The Reserve Bank of India's corrective action framework for weak banks is akin to taking an injured athlete to bed rest," explained a Reserve Bank of India (RBI) deputy governor last year when bank customers started worrying about close to a dozen public sector banks (PSBs) facing regulatory interventions, the most prominent being the prompt corrective action (PCA) scheme. The PCA framework is triggered when a bank's three critical parameters - asset quality, return on assets (RoA) and capital adequacy - fall below a threshold. It leads to restrictions on payment of dividend, setting up new branches, fresh hiring, etc., to restore the bank's health. The RBI has put 11 out of 27 PSBs - which together account for three-fourth of the banking assets - under the PCA framework.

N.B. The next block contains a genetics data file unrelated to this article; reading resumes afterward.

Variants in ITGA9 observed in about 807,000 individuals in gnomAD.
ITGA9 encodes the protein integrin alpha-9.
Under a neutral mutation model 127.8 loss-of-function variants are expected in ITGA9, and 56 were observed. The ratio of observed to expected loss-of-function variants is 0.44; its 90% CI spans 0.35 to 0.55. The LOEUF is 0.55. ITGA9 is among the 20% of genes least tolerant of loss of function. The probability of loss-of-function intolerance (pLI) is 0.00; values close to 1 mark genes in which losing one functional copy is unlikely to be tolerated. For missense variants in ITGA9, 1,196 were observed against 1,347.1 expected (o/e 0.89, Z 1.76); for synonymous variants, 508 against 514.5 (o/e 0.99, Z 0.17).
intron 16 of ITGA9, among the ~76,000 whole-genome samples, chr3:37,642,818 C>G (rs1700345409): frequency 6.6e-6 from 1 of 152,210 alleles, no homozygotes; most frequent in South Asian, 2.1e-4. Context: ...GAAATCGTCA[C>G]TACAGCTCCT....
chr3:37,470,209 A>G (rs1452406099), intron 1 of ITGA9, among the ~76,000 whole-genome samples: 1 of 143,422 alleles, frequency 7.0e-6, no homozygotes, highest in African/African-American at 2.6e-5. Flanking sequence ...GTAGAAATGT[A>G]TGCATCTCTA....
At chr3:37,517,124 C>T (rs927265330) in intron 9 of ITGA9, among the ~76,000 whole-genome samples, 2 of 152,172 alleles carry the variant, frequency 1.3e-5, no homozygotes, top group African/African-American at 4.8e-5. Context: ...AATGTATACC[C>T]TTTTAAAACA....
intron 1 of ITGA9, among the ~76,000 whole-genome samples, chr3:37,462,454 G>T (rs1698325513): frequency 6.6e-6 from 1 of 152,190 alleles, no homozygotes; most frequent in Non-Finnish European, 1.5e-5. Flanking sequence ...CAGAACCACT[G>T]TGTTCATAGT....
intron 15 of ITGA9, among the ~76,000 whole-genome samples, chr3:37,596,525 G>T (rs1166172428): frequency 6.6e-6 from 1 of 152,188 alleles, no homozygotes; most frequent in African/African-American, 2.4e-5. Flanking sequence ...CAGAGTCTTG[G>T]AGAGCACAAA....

But can the RBI's care help these banks get back into health? Considering that the first bank to go under the PCA, United Bank of India (UBI), in 2014, is still not fit enough to be discharged from the RBI's critical care, the answer cannot be a clear yes. Similarly, three years ago, the RBI had triggered corrective action on Chennai-based Indian Overseas Bank. The bank is still unsure when it will get to exit as its performance parameters are still in the red (See The PSB XI).